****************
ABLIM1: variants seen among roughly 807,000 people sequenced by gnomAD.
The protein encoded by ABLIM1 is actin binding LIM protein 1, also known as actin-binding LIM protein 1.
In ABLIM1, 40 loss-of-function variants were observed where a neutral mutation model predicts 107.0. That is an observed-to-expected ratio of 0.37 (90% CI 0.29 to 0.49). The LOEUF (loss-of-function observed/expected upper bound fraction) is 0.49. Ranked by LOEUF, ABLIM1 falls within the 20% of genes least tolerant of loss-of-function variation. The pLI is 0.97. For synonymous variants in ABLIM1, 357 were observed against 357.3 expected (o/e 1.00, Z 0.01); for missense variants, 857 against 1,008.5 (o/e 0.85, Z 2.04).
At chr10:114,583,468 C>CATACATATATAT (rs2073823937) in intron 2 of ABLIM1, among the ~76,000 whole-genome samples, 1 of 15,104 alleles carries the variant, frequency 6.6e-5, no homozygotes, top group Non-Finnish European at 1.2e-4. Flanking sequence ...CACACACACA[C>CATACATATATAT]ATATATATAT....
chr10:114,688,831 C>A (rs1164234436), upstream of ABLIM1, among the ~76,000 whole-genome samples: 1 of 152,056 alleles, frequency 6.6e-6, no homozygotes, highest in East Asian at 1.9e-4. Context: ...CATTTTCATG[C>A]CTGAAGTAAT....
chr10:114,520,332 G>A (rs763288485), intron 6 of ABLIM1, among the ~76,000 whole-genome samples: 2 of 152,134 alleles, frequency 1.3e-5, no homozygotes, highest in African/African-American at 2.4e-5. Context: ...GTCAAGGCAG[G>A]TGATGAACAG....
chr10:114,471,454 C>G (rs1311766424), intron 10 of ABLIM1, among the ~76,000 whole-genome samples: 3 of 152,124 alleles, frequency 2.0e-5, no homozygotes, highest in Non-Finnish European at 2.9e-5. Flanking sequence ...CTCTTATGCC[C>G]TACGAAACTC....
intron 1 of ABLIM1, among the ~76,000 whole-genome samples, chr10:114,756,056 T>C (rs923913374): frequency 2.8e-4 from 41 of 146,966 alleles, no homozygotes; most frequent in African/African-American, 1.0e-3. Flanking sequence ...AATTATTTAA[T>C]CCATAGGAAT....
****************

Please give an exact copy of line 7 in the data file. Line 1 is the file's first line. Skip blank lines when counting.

chr10:114,471,454 C>G (rs1311766424), intron 10 of ABLIM1, among the ~76,000 whole-genome samples: 3 of 152,124 alleles, frequency 2.0e-5, no homozygotes, highest in Non-Finnish European at 2.9e-5. Flanking sequence ...CTCTTATGCC[C>G]TACGAAACTC....